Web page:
Thursday, January 14, 2016

The Can't-Fail In-Restaurant Test of Character

Two postings ago, I offered a simple test to winnow useless blood-suckers from potentially productive people. Here's another test, a particular favorite of mine.

All those anthropomorphic comics (Garfield, The Far Side, etc) never struck me as particularly witty with their juxtapositions of human and animal behaviors. I never considered human beings exalted from the animal kingdom in the first place. Cognition's a neat trick, but like everyone with a special skill, we assume it's the end-all/be-all (folks who lack one's special skill always seem like muggles - Harry Potter-speak for the ugly Yiddishism "goyim").

If you want to see the truth, talk to people when their food comes.

Briefly continue your conversation after the steaming plates have been set down, and watch your companion's stress build, eyes darting back and forth between you and their dish, cold brow sweat forming and every muscle trembling from just barely subdued animal instincts. You'll find that instinct nearly always wins. Within three seconds, most people will rudely cease listening to you, and dive into their food. One cannot possibly hope to distract a poodle while kibble flows into her bowl. see if a person has self-control, just take them to dinner, seating them with their backs to the kitchen. When you spot the waiter approaching with food, launch a bright, eager new line of discussion, and see if they can last ten seconds after the plates land.

Those who pass the test will usually vibrate with stress yet manage to continue the conversation. They've demonstrated character (which I define as the rate at which one discards one's values as stakes rise). They spend their lives struggling against impulse, but at least they make that valiant effort. I think of such people as poodle-plus, and they're usually very good people...perhaps the very best.

But a few can entirely unhook from instinct. Possessing perspective, the rarest of uniquely human qualities, they may experience the same drama, instinctual compulsion, and hormonal juju as anyone else, but they don't let such factors drive their behavior. They'll notice their plate, feel a faint impulse, take a small breath, and easily continue the conversation, perfectly relaxed and twitch-less. The food's arrival registered, but it doesn't keep mentally re-registering. They're able to easily let it go to voicemail.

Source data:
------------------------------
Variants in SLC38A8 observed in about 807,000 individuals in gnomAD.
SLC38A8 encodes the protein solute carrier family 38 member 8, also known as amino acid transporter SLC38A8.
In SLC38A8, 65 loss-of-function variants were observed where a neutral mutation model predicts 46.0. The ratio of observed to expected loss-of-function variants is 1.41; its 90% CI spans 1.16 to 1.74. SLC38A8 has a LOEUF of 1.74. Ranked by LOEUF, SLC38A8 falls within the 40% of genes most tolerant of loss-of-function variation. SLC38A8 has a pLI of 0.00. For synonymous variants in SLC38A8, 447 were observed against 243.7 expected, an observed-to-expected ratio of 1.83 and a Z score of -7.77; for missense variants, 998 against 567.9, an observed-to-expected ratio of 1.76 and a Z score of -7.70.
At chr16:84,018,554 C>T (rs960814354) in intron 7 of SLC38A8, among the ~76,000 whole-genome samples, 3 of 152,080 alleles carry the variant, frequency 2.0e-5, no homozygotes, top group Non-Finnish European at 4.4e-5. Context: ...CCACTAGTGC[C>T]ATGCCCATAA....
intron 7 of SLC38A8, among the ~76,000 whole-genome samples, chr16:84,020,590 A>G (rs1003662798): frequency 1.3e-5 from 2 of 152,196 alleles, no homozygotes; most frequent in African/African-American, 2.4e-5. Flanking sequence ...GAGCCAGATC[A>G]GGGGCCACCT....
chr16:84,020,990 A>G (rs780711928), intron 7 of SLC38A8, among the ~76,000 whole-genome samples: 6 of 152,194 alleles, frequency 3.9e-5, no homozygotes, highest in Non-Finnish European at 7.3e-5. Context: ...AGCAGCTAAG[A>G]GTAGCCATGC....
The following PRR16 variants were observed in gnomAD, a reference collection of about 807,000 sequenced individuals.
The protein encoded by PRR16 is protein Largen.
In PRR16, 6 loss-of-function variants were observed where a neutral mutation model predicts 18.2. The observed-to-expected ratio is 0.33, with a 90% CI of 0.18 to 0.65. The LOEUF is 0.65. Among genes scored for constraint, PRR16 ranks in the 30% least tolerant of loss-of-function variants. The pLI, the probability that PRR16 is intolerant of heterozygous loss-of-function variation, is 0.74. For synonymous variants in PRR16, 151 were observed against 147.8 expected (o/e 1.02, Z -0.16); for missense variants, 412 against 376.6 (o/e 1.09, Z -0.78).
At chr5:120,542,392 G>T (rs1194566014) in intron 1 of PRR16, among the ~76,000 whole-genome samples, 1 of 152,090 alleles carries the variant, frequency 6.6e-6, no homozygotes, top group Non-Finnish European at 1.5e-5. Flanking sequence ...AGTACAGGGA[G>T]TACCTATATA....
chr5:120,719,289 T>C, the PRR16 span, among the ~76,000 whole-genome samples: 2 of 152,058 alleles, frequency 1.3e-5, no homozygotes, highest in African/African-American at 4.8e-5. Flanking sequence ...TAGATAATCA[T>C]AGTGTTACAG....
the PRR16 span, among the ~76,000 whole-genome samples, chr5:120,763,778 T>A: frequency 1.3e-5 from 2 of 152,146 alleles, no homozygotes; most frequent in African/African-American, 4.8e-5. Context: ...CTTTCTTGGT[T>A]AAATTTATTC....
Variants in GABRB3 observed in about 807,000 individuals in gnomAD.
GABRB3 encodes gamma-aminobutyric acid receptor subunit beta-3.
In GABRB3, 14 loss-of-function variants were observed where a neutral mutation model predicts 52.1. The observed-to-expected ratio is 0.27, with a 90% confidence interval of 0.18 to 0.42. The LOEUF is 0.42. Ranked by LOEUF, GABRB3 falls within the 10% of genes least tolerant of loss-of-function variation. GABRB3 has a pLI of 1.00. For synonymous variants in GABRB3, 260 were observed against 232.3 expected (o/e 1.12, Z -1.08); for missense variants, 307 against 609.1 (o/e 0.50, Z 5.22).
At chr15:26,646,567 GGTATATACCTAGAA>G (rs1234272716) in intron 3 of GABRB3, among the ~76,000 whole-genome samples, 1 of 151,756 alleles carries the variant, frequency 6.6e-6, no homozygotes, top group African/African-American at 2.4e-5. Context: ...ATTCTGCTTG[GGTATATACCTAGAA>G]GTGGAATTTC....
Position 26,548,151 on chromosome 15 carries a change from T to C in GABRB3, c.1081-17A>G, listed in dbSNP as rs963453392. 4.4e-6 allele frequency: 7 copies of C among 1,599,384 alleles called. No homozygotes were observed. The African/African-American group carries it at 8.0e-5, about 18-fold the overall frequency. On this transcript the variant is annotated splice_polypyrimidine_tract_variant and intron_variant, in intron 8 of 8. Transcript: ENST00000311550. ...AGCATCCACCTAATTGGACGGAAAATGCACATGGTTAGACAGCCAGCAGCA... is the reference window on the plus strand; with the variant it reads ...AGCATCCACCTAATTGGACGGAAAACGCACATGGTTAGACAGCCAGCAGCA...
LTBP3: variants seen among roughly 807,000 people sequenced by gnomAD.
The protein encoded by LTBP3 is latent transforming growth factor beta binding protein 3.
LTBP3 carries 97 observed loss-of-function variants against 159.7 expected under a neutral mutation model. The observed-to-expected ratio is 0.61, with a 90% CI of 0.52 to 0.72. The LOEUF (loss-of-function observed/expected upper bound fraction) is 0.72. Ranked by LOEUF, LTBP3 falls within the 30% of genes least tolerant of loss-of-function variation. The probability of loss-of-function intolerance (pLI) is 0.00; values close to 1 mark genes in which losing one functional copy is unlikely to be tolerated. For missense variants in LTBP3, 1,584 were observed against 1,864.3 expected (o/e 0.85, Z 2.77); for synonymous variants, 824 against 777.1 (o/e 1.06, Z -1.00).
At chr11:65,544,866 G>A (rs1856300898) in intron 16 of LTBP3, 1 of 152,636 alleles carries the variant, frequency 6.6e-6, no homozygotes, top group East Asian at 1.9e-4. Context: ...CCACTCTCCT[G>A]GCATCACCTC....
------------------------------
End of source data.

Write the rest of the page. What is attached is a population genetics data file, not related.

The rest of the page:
The pitfall with that last elite group is heart. Detached people sometimes detach all the way. If you find yourself hanging by your fingers over a cliff, a 100% detached person may not be your best possible companion! It's rarest of all to find someone detached from drama and instinct - who rises above the petty yadda yadda - yet retains empathy and compassion. The sad truth is that such people often still seem cold, because they're not compelled to externally signify their caring (a compulsion which stems from vanity and neediness).

The most caring among us may strike us as aloof. This is the predicament which gives rise to the cliche of the curmudgeon/hermit/misfit who turns out to have "a heart of gold". In truth, they pretty much all do.


moonjuneswoon said...

I feel that those with manners do understand that it's rude to allow another's food to get cold while one filibusters. I'd be happy to let you talk but briefly interrupt you to point out the food in front of use and let you know that if my food got cold because of you that you were paying for it.

Jim Leff said...

Food won't go cold in the 2 or 3 seconds most people will give you before reflexively diving in. Nor will it go cold in the 10 seconds (or less) required to notice someone NOT doing that.

I never suggested a filibuster. Nothing useful is learned after ten seconds. Either they'll scramble rudely and instinctively for their dish like an animal, or they'll very quickly demonstrate their ability retain their humanity in the face of this extremely minor adversity. You'll know the answer, either way, in just a few seconds.

And I think you'll find that it doesn't matter who's paying. People unable to manage their lower selves aren't using higher cognition to draw distinctions.

Jim Leff said...

I edited the posting to be sure no one else is confused about this.

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